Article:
by Dan Johnson, RPh and PharmD,
Vice President of Network Strategy, ScriptSave
The risk for medication interactions dramatically increases as patients take multiple drugs. ScriptSave’s own Dr. Dan Johnson recently had an article published on the Living Better 50 website on steps you can take to protect yourself from dangerous drug interactions.
More than 2 million patients are hospitalized every year after they inadvertently mix their prescription drugs, while another 100,000 die annually. And the statistics get worse with age. The chance of an adverse drug reaction for people over 50 jumps 33 percent versus younger people.
Even over-the-counter medications and supplements can incite dangerous health risks.For example, patients with high blood pressure should avoid taking cough medicines with decongestants and should consult their pharmacist on the best options to seek relief from cold and flu symptoms. Patients taking prescriptions for depression, chest pain, ADHD, gout, arthritis and other common ailments can frequently be at more risk for dangerous reactions if they don’t keep track of their prescription regimen.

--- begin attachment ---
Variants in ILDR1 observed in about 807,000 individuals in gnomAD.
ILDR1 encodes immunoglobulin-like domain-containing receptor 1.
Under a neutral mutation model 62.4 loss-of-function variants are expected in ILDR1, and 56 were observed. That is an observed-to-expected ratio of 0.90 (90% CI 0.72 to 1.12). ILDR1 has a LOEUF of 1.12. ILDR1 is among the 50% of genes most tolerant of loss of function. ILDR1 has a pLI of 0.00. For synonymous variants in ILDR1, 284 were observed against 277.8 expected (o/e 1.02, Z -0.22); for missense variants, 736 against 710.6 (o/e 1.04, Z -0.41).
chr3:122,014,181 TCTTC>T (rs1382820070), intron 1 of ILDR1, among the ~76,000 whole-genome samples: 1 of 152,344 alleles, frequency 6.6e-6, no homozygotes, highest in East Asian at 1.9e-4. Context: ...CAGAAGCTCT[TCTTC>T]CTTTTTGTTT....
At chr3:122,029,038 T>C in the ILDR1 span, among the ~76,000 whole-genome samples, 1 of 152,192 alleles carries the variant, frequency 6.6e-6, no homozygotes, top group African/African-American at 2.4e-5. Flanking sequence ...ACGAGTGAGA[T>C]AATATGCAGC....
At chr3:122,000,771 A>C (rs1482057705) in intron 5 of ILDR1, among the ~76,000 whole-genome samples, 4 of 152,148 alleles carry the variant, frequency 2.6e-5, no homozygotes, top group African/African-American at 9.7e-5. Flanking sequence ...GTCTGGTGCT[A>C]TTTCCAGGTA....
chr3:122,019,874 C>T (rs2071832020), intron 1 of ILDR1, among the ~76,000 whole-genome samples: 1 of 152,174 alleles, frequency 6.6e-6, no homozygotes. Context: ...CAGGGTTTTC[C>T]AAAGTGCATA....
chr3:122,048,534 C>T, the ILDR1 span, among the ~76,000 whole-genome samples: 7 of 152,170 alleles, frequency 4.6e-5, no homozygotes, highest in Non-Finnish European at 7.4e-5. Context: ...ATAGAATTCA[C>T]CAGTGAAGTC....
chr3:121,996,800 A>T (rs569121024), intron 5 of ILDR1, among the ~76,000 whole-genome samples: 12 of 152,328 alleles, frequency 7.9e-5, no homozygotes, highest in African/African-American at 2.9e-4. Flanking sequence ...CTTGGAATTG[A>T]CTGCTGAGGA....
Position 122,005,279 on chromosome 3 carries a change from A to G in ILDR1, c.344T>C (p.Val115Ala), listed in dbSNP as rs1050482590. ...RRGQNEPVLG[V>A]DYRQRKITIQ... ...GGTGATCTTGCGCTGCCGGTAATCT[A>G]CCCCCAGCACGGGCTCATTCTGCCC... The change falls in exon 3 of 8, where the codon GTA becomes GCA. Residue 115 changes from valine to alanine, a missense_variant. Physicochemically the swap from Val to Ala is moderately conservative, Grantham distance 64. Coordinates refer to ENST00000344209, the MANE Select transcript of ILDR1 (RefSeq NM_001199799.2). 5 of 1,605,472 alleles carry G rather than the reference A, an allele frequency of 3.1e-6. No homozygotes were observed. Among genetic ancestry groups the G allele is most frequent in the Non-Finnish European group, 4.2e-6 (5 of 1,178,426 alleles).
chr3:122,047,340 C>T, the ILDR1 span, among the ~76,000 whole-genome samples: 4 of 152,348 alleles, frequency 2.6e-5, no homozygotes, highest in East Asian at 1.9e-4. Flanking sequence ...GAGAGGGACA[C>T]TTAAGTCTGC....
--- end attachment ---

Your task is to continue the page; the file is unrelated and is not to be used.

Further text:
How Can Patients Protect Themselves From Drug Interactions?
- Ideally, patients should go to the same pharmacist and discuss any other prescriptions they may be taking. This conversation should include over-the-counter and supplements – in addition to any medications.
- Be aware of how common household foods can impact medications. People who take Lipitor or Zocor with grapefruit juice may experience muscle pain and other side effects.
- As we age, our bodies metabolize drugs slower and at different rates. Because of this, patients should monitor any reactions to any new or existing drugs.
- There are many user friendly, free mobile apps that keep track of a patient’s regimen – alerting them to potential dangerous interactions. ScriptSave WellRx has a new “Virtual Medicine Cabinet” that warns patients of hazardous drug interactions. It also sends reminders when patients need to take their next pill, or need a refill.
————–Addendum (13 Mar, 2019)————–
…and check out what Dr Max Gomez had to say on CBS News, including an interview with ScriptSave’s Dr Dan Johnson.